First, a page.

Just wrote this in Boris's comments in response to someone called McCarnie. Don't think I was as polite as I should have been, really. Ah well. Am off to do lines...must remember my manners.
re: home education, McCarnie wrote:
"if the parent is proficient in the subjects required by law in the National Curriculum, and is able to exhibit to the necessary authority( ies) , at the time of the necessary examinations that this is the case , it would , I am sure have a positive effect on a select amount of , but not all, children. There is always the experience of group living ,working and and playing; social skills all ; which are so important in a young person's education."
To regard the National Curriculum as the sole benchmark of a good education seems very peculiar to many home educators. Karl Popper, the incomparable proponent of the Open Society, was of the firm opinion that the only essential thing that a child must learn is to be able to read and write. Given the enormity of human knowledge out there today, does it really make sense to try to force the same body of knowledge into all our children? Such an aim neither conforms to the needs of the country, nor does it necessarily meet the requirements of educational law where it states that children must be educated according to their age, ability and aptitude.
As home educators, we have the opportunity to tailor learning opportunities to suit the abilities of our children in a way that a teacher with a classroom of 30 kids, constrained by the diktats of NC, cannot possibly hope to do. As a result, we often feel that it is the parents of schooled children who should actually be prosecuted for their failure to meet their responsibilies to educate their child according to the requirements of the law, though this is clearly a bit of a mind-shift for all those who are heavily invested in the school meme.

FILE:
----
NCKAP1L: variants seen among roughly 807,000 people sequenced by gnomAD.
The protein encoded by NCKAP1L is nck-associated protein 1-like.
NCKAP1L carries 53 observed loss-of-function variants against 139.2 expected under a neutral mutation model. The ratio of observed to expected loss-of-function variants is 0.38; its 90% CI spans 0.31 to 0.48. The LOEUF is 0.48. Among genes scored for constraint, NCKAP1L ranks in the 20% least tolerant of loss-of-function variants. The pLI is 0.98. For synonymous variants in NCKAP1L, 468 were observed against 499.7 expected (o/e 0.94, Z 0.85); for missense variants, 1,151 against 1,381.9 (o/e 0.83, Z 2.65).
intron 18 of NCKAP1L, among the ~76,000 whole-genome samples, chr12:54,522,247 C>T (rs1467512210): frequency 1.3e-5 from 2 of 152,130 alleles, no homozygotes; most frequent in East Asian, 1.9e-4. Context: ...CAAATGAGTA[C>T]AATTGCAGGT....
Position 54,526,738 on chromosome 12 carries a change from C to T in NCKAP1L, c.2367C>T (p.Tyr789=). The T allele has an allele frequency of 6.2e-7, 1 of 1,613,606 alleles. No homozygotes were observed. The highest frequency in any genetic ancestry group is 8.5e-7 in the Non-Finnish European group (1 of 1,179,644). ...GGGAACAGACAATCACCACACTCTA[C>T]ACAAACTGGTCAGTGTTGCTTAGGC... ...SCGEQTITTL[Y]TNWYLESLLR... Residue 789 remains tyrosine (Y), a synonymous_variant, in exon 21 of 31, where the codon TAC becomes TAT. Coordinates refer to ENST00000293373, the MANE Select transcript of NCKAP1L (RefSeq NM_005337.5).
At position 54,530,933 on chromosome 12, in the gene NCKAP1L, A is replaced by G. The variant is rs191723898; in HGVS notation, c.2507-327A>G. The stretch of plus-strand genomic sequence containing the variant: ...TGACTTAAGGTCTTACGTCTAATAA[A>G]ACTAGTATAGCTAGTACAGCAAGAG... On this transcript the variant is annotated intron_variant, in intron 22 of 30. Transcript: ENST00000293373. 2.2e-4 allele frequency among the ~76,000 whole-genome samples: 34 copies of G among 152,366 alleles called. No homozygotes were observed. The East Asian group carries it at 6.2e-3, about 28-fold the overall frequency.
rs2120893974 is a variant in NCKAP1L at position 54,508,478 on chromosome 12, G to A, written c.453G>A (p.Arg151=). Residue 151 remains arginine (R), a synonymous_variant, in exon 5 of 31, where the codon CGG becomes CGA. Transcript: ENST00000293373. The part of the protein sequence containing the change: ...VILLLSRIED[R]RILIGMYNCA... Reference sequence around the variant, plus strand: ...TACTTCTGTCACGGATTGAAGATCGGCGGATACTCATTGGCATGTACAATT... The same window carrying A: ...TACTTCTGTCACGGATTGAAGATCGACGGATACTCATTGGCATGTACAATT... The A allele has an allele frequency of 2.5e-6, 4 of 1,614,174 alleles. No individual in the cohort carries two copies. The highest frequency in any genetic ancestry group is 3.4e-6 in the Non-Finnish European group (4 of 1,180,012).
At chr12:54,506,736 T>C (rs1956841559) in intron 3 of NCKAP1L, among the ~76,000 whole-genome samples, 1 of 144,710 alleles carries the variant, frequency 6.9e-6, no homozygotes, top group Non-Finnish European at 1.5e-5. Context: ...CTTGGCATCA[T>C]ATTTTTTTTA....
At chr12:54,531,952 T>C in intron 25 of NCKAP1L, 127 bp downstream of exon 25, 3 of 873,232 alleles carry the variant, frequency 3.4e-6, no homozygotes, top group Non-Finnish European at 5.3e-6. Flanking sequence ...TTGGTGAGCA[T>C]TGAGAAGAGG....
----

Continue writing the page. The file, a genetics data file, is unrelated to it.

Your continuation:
If the state were to insist that home educators were to follow the NC and take state exams, you can bet that we will start to put the argument for absence of parental responsibility in education, for such would indeed be the case.
And please, (trying not to sound exhausted), do not come up with the oldest canard around, ie: that home educated children lack for opportunities to socialise.
(From an HE parent whose family is alone for the first time in over three weeks...having spent a good proportion of that with approx 30 other HE families...and yes, just in case anyone is STILL worried...we are off again tomorrow with another 30 odd families on an orienteering course. Could that be good enough, yet?)